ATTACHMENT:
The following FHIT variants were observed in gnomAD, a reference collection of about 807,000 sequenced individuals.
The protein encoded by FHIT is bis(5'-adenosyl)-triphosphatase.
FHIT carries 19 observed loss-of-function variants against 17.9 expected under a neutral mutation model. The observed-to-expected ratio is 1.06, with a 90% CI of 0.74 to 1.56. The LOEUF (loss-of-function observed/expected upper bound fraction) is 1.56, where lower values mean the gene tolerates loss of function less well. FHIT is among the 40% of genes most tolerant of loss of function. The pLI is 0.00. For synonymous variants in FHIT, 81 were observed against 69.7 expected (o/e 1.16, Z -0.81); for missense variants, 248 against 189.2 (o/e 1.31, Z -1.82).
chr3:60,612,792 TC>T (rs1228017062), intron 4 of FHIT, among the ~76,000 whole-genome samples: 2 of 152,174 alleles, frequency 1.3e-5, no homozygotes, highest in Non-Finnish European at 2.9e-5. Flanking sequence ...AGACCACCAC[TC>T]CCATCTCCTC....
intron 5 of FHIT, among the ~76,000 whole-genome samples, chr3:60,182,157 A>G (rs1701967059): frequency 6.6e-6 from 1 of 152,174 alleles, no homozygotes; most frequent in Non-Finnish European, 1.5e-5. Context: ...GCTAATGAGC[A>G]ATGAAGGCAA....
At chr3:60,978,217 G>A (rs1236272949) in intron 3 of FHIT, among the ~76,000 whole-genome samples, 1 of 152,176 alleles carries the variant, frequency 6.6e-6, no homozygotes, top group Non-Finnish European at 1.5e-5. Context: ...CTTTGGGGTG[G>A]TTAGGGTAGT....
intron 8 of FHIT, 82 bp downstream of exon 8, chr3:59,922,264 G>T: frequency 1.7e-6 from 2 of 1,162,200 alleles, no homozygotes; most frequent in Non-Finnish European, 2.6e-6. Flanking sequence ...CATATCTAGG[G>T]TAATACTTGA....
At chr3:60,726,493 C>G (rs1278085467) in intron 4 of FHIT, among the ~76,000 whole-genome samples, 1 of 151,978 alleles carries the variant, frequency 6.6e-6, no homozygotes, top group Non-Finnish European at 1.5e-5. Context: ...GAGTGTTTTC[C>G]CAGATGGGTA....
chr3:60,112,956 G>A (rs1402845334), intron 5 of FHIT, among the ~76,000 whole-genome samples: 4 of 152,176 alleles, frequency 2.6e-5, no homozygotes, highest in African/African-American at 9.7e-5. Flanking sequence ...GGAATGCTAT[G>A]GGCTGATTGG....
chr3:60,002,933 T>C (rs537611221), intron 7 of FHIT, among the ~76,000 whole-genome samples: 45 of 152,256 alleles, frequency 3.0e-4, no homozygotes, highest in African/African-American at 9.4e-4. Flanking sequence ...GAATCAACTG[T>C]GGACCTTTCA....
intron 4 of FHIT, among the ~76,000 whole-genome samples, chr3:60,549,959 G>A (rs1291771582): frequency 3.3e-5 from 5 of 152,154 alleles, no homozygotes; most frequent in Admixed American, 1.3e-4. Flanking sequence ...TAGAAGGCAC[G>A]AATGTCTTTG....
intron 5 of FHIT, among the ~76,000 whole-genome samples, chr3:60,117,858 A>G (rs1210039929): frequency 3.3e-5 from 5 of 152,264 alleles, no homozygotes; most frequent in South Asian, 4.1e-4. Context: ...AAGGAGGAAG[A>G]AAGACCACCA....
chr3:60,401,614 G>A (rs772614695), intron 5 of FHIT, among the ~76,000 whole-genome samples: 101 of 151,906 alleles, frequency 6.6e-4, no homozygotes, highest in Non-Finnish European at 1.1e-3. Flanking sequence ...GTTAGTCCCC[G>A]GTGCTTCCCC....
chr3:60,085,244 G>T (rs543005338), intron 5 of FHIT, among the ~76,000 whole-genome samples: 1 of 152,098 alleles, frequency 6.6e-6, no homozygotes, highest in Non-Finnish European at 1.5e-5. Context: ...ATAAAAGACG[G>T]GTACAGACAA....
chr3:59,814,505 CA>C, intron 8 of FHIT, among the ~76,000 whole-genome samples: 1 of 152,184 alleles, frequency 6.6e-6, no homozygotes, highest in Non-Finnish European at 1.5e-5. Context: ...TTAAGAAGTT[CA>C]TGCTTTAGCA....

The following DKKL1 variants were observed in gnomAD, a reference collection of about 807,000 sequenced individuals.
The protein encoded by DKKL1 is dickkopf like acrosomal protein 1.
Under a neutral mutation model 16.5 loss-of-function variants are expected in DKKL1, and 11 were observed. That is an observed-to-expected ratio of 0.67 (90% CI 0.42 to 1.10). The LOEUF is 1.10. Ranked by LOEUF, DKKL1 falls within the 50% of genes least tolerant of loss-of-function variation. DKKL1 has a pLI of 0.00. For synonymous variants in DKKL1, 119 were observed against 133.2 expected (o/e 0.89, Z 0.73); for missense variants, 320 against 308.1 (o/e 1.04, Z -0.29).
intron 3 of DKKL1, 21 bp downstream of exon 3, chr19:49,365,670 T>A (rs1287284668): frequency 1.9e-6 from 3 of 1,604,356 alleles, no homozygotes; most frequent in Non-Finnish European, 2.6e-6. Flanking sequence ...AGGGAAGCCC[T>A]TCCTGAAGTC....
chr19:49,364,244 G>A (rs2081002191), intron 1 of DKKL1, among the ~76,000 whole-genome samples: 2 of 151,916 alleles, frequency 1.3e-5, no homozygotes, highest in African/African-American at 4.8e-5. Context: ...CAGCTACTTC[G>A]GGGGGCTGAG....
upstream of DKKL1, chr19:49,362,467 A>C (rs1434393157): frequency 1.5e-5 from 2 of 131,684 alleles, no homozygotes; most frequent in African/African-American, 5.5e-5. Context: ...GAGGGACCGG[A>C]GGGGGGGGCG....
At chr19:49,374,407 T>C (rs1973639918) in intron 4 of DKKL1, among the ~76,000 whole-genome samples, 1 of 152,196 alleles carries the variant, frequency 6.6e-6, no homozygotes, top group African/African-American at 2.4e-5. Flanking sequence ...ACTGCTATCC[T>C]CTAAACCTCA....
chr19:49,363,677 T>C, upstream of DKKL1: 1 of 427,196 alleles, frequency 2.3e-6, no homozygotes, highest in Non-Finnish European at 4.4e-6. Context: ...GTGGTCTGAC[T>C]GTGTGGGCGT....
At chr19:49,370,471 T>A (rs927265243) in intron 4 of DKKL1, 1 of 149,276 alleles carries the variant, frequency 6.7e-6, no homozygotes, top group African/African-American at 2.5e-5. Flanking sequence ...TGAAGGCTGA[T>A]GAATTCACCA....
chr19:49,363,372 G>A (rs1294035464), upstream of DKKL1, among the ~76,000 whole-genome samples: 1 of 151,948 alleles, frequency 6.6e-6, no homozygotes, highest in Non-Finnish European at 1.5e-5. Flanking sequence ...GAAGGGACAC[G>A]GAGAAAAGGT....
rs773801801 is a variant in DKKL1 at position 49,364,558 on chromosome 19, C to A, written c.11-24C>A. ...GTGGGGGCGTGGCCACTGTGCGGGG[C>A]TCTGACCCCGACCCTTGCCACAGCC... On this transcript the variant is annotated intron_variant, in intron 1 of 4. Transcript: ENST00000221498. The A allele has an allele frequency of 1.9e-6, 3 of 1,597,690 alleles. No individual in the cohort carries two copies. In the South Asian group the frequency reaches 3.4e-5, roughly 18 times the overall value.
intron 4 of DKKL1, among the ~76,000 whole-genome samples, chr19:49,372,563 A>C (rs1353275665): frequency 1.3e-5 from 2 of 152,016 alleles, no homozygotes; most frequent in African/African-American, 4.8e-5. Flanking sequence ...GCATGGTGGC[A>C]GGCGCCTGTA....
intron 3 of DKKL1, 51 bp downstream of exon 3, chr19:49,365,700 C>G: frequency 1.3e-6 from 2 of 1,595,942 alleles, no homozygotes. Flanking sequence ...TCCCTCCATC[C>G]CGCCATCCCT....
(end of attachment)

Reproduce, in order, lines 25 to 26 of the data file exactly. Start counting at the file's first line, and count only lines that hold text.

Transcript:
chr19:49,363,372 G>A (rs1294035464), upstream of DKKL1, among the ~76,000 whole-genome samples: 1 of 151,948 alleles, frequency 6.6e-6, no homozygotes, highest in Non-Finnish European at 1.5e-5. Flanking sequence ...GAAGGGACAC[G>A]GAGAAAAGGT....
rs773801801 is a variant in DKKL1 at position 49,364,558 on chromosome 19, C to A, written c.11-24C>A. ...GTGGGGGCGTGGCCACTGTGCGGGG[C>A]TCTGACCCCGACCCTTGCCACAGCC... On this transcript the variant is annotated intron_variant, in intron 1 of 4. Transcript: ENST00000221498. The A allele has an allele frequency of 1.9e-6, 3 of 1,597,690 alleles. No individual in the cohort carries two copies. In the South Asian group the frequency reaches 3.4e-5, roughly 18 times the overall value.